Empirical Analysis for the Factors Affecting the Adoption of Cloud Computing Initiatives by Information Technology Executives
The tremendous explosion of technology acceptance theories has not spared the corpus of technology adoption literature from criticism that most of these models only evaluate the adoption of new technology from a single perspective. In an effort to attenuate this criticism, this breaks ranks with extant theories and proposes a unified model for evaluating technology adoption from multiple perspectives. The Technology Trade Theory (Triple-T) model which this study proposes integrates the Social Exchange Theory into the Technology Acceptance Model, and proposes that technology acceptance is a function of a deliberate process of weighing the advantages associated with that technology against its disadvantages. Adoption only happens when the advantages outweigh the disadvantages; otherwise, prospective adopters reject the technology. In this, the model recognizes a total of eight advantages and eight disadvantages associated with cloud computing, on the basis of which its claims are validated.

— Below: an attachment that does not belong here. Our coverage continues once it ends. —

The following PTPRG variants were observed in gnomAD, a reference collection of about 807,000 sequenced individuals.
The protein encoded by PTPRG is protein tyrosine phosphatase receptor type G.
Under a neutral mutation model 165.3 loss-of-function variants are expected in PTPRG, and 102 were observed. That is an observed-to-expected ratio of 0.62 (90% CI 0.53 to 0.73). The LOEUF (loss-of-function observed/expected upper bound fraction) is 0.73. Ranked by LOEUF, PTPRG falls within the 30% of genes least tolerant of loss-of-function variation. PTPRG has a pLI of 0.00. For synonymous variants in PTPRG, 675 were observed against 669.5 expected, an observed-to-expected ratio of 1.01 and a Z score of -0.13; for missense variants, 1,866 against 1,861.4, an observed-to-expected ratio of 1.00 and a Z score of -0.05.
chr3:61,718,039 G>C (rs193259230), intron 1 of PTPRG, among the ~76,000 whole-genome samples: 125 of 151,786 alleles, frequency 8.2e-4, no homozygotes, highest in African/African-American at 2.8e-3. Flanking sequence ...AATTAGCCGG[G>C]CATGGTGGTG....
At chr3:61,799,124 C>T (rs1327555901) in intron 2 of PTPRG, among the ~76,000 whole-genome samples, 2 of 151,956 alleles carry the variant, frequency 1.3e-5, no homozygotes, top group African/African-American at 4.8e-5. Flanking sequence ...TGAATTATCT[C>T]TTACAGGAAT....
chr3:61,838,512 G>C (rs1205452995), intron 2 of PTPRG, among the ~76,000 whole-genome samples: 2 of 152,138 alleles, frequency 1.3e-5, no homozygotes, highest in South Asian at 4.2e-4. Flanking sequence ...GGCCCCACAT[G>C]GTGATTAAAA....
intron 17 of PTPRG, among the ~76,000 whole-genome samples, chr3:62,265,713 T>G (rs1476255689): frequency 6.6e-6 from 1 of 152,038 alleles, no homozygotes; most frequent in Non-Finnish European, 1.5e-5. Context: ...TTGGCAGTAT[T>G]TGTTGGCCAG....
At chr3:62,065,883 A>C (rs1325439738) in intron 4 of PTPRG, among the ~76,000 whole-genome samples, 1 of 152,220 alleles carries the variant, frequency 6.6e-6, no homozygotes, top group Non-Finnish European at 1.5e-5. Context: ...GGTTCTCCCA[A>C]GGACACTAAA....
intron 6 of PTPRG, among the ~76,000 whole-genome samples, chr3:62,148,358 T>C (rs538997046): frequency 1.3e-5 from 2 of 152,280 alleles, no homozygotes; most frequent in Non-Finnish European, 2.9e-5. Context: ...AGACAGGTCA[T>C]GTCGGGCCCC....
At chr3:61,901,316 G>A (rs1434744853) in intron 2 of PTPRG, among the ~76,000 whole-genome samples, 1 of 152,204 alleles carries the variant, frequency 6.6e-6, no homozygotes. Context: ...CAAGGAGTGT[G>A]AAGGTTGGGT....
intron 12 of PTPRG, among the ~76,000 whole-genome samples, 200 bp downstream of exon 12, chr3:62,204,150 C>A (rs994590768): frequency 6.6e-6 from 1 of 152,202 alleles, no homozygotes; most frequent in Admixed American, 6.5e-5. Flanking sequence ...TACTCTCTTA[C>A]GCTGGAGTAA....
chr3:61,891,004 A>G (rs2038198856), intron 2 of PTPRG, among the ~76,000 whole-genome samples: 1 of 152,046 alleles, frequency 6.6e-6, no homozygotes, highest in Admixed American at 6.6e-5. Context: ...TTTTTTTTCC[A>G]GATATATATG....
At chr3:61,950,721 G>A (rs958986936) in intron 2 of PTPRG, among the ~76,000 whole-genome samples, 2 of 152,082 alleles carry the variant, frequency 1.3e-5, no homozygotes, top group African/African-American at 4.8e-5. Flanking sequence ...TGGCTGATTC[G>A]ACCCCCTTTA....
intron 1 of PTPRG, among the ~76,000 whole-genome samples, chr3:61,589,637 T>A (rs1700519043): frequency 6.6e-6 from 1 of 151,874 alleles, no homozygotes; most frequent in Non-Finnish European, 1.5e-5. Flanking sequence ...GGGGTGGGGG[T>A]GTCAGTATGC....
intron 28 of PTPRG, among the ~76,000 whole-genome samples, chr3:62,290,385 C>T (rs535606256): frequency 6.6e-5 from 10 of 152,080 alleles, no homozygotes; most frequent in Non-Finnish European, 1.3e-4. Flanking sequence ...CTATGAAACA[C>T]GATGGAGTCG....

Data is collected by means of structured psychometric scales administered to a panel of medium and top level IT managers. Psychometric scales are also used to attach weights to each of the variables under study. The Pearson’s coefficient and paired tailed tests are used to analyze the nature, strength and significance of the findings. Findings validate the major claims of the study, on the basis of which research implications are extensively discussed.
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